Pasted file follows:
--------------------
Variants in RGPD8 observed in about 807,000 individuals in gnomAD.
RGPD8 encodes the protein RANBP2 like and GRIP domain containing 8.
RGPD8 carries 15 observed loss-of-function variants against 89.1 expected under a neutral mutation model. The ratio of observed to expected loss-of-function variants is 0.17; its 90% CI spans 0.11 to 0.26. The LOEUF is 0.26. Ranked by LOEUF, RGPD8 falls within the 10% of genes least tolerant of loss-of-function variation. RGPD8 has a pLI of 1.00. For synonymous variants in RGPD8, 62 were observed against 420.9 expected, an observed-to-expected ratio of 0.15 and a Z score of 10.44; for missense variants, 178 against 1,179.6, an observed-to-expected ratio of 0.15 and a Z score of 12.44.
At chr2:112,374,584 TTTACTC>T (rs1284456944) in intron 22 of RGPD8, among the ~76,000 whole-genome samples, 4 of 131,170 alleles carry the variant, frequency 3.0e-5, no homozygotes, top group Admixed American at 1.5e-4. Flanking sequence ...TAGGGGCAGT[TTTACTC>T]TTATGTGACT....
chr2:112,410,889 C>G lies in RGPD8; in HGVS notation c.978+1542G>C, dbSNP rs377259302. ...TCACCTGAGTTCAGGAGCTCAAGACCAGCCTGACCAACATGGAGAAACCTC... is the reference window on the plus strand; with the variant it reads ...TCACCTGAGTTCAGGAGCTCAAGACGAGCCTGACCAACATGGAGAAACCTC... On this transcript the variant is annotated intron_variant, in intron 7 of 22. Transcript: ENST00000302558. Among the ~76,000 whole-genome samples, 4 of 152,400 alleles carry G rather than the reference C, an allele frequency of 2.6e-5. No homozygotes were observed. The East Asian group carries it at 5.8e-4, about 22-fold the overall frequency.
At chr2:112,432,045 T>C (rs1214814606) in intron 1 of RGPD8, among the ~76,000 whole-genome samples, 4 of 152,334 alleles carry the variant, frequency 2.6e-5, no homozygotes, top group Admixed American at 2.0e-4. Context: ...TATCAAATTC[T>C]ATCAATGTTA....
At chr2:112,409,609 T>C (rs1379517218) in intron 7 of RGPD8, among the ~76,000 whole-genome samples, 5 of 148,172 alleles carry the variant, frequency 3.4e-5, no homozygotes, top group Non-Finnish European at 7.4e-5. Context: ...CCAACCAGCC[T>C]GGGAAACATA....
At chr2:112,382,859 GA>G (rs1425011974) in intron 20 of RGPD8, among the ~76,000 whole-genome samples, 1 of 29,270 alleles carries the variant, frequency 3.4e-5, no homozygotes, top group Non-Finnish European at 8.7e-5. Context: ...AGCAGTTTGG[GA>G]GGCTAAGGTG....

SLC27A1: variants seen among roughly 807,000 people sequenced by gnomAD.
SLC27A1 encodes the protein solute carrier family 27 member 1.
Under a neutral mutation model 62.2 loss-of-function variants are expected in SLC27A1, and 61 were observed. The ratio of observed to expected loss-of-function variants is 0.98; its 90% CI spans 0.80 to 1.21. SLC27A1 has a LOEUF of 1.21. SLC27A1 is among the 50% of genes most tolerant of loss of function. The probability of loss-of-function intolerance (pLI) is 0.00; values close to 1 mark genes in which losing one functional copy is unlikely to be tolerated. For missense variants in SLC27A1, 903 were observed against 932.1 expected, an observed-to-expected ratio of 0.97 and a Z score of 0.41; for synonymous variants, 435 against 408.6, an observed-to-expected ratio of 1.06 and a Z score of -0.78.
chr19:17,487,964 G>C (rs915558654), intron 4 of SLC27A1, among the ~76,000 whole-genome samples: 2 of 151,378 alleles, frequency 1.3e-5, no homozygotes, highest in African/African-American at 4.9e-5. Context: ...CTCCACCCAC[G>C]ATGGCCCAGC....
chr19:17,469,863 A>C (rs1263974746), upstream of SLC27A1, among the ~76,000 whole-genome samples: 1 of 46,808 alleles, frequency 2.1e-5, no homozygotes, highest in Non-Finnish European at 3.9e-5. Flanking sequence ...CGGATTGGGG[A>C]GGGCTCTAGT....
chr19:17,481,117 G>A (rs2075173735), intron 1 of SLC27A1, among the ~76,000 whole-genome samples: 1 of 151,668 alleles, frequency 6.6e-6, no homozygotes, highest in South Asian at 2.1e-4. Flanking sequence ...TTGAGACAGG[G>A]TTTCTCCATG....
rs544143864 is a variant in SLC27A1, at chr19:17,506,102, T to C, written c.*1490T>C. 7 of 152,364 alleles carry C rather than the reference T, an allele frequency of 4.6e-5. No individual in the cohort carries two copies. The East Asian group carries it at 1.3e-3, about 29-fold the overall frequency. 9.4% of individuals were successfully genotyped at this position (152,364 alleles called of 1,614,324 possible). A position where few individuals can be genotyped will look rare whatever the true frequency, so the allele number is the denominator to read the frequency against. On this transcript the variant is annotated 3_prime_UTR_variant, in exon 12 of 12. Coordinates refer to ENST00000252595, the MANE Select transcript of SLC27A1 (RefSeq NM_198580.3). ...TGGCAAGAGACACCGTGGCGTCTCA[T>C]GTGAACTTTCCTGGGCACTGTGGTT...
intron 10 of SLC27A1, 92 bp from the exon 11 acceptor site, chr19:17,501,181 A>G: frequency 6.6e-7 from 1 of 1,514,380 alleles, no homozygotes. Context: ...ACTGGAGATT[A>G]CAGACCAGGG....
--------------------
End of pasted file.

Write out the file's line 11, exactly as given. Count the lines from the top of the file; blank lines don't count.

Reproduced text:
Under a neutral mutation model 62.2 loss-of-function variants are expected in SLC27A1, and 61 were observed. The ratio of observed to expected loss-of-function variants is 0.98; its 90% CI spans 0.80 to 1.21. SLC27A1 has a LOEUF of 1.21. SLC27A1 is among the 50% of genes most tolerant of loss of function. The probability of loss-of-function intolerance (pLI) is 0.00; values close to 1 mark genes in which losing one functional copy is unlikely to be tolerated. For missense variants in SLC27A1, 903 were observed against 932.1 expected, an observed-to-expected ratio of 0.97 and a Z score of 0.41; for synonymous variants, 435 against 408.6, an observed-to-expected ratio of 1.06 and a Z score of -0.78.